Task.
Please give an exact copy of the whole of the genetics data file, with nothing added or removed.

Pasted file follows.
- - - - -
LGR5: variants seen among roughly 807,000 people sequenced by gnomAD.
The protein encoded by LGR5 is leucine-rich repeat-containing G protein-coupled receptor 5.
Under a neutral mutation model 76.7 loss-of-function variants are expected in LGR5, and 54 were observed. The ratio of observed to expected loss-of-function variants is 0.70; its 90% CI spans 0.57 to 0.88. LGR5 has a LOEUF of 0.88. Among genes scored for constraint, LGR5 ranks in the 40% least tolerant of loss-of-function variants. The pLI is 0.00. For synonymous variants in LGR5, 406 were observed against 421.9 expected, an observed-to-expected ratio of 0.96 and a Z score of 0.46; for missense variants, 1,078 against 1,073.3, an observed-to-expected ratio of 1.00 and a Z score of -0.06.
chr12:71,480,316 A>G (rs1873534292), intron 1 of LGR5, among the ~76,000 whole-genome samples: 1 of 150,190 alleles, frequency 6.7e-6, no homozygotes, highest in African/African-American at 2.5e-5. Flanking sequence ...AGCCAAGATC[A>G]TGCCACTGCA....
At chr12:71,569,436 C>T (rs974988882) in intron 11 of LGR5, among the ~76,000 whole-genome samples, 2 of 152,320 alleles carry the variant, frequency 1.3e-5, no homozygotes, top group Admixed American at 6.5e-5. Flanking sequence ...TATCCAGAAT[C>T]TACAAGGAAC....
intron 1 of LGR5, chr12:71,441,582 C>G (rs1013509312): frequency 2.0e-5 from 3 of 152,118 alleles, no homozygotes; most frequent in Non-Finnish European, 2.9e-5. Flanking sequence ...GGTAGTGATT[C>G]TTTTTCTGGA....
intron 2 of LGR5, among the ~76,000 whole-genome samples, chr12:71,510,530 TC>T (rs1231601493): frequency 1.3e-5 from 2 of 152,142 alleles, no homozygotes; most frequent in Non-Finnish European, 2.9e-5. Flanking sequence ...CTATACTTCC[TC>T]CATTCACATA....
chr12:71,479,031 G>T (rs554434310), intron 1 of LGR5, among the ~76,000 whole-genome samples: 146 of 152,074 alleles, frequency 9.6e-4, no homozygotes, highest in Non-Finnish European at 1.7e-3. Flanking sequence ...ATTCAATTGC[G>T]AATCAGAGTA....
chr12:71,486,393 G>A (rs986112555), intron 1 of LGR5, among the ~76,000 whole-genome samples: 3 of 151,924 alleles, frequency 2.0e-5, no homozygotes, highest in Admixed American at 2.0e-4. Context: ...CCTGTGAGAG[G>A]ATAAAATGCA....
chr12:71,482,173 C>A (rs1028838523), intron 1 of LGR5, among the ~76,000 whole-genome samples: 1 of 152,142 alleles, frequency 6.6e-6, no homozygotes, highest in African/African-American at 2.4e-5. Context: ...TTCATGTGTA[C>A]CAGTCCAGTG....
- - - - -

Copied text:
LGR5: variants seen among roughly 807,000 people sequenced by gnomAD.
The protein encoded by LGR5 is leucine-rich repeat-containing G protein-coupled receptor 5.
Under a neutral mutation model 76.7 loss-of-function variants are expected in LGR5, and 54 were observed. The ratio of observed to expected loss-of-function variants is 0.70; its 90% CI spans 0.57 to 0.88. LGR5 has a LOEUF of 0.88. Among genes scored for constraint, LGR5 ranks in the 40% least tolerant of loss-of-function variants. The pLI is 0.00. For synonymous variants in LGR5, 406 were observed against 421.9 expected, an observed-to-expected ratio of 0.96 and a Z score of 0.46; for missense variants, 1,078 against 1,073.3, an observed-to-expected ratio of 1.00 and a Z score of -0.06.
chr12:71,480,316 A>G (rs1873534292), intron 1 of LGR5, among the ~76,000 whole-genome samples: 1 of 150,190 alleles, frequency 6.7e-6, no homozygotes, highest in African/African-American at 2.5e-5. Flanking sequence ...AGCCAAGATC[A>G]TGCCACTGCA....
At chr12:71,569,436 C>T (rs974988882) in intron 11 of LGR5, among the ~76,000 whole-genome samples, 2 of 152,320 alleles carry the variant, frequency 1.3e-5, no homozygotes, top group Admixed American at 6.5e-5. Flanking sequence ...TATCCAGAAT[C>T]TACAAGGAAC....
intron 1 of LGR5, chr12:71,441,582 C>G (rs1013509312): frequency 2.0e-5 from 3 of 152,118 alleles, no homozygotes; most frequent in Non-Finnish European, 2.9e-5. Flanking sequence ...GGTAGTGATT[C>G]TTTTTCTGGA....
intron 2 of LGR5, among the ~76,000 whole-genome samples, chr12:71,510,530 TC>T (rs1231601493): frequency 1.3e-5 from 2 of 152,142 alleles, no homozygotes; most frequent in Non-Finnish European, 2.9e-5. Flanking sequence ...CTATACTTCC[TC>T]CATTCACATA....
chr12:71,479,031 G>T (rs554434310), intron 1 of LGR5, among the ~76,000 whole-genome samples: 146 of 152,074 alleles, frequency 9.6e-4, no homozygotes, highest in Non-Finnish European at 1.7e-3. Flanking sequence ...ATTCAATTGC[G>T]AATCAGAGTA....
chr12:71,486,393 G>A (rs986112555), intron 1 of LGR5, among the ~76,000 whole-genome samples: 3 of 151,924 alleles, frequency 2.0e-5, no homozygotes, highest in Admixed American at 2.0e-4. Context: ...CCTGTGAGAG[G>A]ATAAAATGCA....
chr12:71,482,173 C>A (rs1028838523), intron 1 of LGR5, among the ~76,000 whole-genome samples: 1 of 152,142 alleles, frequency 6.6e-6, no homozygotes, highest in African/African-American at 2.4e-5. Context: ...TTCATGTGTA[C>A]CAGTCCAGTG....